At some point in their lifetime, 20 million women in America suffer from various forms of eating disorders. Eating disorders include anorexia nervosa, bulimia nervosa, binge eating disorder, or eating disorders not otherwise specified (EDOS).

In today’s society, I feel that so often a huge factor leading to these 20 million people suffering from eating disorders is the continual body-shaming going on. Individuals hate on each other’s bodies no matter the body type.

A definition by www.bodyshaming.org describes body shaming as: inappropriate negative statements and attitudes toward another person’s weight or size.

This needs to stop. Body shaming leads to eating disorders and eating disorders can lead to many health issues including depression and even as far as death.

Here is a YouTube video from The Real about body shaming:

With body shaming, females can described as one of the following: anorexic, flat-chested, thick, fat, overweight, having thunder thighs, having a muffin top, and so on.

Whether people are attacking individuals for being too skinny or for being too overweight, no argument supporting these attacks are valid. Unless you are the individual within that body, people need to learn to keep their comments about other’s bodies to themselves.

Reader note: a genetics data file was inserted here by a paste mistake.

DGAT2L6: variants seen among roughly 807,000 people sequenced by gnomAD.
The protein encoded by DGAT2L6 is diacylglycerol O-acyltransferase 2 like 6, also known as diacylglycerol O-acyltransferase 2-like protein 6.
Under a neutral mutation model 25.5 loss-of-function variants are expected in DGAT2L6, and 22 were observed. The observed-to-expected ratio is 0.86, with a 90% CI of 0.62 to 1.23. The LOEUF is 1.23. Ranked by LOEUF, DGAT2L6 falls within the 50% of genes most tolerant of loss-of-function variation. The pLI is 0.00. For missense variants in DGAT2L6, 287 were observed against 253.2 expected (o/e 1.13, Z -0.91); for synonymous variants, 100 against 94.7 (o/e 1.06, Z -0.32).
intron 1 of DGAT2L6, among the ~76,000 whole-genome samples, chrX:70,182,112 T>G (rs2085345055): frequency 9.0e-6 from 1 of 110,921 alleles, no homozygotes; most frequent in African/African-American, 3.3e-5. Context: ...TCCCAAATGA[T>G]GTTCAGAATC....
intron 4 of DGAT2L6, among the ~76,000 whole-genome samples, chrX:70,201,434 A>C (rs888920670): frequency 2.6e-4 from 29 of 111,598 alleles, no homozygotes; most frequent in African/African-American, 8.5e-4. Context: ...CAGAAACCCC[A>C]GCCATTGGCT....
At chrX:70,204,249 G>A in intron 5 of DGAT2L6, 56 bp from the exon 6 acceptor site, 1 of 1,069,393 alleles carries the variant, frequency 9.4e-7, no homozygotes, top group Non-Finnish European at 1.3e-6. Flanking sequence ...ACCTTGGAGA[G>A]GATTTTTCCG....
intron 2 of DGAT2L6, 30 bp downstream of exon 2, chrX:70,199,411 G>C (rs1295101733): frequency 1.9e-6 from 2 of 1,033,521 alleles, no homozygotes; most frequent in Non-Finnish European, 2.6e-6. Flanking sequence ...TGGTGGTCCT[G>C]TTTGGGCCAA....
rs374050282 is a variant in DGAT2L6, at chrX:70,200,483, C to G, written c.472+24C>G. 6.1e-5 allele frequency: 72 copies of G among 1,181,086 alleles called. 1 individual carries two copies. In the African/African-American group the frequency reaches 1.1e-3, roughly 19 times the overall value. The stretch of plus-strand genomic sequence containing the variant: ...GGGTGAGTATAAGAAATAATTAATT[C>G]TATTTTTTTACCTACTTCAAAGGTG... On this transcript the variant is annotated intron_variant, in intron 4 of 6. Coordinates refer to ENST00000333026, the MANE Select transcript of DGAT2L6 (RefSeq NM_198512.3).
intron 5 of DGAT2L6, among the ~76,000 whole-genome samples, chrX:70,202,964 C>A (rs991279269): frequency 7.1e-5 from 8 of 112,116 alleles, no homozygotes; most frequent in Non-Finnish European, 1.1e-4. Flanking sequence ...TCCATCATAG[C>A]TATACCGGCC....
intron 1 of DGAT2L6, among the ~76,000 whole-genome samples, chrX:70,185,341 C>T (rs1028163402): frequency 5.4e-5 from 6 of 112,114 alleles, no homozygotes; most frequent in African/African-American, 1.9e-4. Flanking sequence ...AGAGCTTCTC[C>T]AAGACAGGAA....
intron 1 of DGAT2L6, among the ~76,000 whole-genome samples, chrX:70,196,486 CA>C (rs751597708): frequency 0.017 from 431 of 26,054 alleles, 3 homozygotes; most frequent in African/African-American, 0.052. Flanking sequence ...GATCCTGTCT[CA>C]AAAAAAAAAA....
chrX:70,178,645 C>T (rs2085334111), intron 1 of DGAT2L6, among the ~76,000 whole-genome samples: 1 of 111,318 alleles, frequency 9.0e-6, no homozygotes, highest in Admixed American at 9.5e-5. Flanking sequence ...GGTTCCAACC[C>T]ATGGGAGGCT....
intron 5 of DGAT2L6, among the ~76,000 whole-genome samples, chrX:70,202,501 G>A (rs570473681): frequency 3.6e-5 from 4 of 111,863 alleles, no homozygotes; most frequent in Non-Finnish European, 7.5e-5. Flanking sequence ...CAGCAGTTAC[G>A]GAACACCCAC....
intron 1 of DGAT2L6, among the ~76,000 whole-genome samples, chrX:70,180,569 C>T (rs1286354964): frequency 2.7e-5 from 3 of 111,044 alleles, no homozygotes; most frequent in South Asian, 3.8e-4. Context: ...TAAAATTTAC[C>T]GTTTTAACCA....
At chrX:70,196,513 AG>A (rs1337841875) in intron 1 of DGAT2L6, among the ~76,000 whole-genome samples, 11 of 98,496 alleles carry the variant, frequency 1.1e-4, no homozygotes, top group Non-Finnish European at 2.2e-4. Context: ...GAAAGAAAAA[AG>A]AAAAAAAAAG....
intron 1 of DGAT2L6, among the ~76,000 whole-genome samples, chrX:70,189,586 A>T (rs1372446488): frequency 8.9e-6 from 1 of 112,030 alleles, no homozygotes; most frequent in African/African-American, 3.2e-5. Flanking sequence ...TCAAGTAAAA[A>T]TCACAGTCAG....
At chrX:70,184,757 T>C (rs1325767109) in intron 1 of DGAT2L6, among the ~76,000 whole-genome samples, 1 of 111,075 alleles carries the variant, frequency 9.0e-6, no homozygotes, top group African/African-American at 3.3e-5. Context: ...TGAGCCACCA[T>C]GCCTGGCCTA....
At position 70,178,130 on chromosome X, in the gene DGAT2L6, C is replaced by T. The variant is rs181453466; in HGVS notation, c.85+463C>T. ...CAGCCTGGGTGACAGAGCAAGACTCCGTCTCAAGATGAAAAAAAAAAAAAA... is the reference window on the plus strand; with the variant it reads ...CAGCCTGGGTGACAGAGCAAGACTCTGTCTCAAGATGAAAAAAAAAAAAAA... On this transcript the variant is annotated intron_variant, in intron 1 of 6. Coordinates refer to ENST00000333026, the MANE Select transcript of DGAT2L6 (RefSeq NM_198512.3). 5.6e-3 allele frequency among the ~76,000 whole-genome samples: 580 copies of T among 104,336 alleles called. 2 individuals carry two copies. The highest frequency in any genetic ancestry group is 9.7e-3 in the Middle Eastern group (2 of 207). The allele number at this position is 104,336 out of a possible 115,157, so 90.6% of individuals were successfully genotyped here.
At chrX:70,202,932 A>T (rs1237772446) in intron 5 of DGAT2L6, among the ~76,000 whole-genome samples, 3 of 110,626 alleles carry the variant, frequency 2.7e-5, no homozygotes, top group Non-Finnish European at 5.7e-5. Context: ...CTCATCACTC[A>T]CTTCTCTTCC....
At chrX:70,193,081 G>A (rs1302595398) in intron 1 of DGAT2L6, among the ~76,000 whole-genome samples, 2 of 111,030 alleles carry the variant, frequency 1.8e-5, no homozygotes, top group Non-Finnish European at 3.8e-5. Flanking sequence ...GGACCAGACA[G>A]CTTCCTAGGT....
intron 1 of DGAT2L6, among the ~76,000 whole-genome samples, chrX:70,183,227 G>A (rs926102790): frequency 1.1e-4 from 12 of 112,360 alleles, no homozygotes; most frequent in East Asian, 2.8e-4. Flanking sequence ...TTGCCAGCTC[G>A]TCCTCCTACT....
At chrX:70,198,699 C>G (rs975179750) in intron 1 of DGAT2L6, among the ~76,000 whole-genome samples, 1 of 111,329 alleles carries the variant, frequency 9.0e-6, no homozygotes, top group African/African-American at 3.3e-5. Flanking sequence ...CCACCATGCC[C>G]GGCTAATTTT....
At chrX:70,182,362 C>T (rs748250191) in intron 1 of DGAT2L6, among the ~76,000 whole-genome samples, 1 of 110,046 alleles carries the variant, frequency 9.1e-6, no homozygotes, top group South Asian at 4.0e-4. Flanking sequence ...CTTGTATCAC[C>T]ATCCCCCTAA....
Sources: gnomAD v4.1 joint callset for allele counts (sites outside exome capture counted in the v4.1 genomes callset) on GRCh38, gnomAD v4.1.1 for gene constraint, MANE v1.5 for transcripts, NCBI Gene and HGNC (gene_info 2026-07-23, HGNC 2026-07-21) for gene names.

One of the most confusing things is that society for some reason believes that it is more okay to be negative towards specific body types. Here’s an article in reference to this idea.

Body shaming happens on various levels, from average people to celebrities. In July, a playboy model, Dani Mathers posted a Snapchat that directly proves body shaming a very serious issue. Her caption of a naked 70 year old read, “If I can’t unsee this then you can’t either.”

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‘Models’ should be focusing on being good role models for all women.

The image below shows the disgusting realty of how body shaming is so prevalent on social media. The comments vary drastically, some users are saying she looks great while others hate on her body for various reasons.

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What really should matter, rather than physical appearance, is whether or not individuals are healthy. Individuals should be able to be happy in a healthy body.

Young girls grow up seeing the stereotypical body types being praised, causing them to think that that is what they should strive to look like. Parents, friends, and society help to shape this small-minded thinking.

This starts at unbelievably young ages. Personally, I can remember the first comment I ever received that now today I realize was body shaming. “Your boobs just don’t look like they should be on someone who is as skinny as you.”

Growing up until about age 16 I was always told I was too skinny, and that I needed to put some meat on my bones. But little did anyone know I was also the girl who would drink a Pepsi for breakfast and would eat chocolate icing right from the container.

Telling someone they are “too skinny” is just as negative as telling someone they are “too fat.”

Learn to positively reinforce that each individual woman you know has a beautiful body. With doing so you may help your family and friends to gain confidence as a beautiful, unique individual.

Compliment others and learn to really accept and appreciate positive comments about your own body.

I urge females to look at their bodies as beautiful masterpieces. There should be no standards to live up to. If you are skinny or curvy, learn to love your body.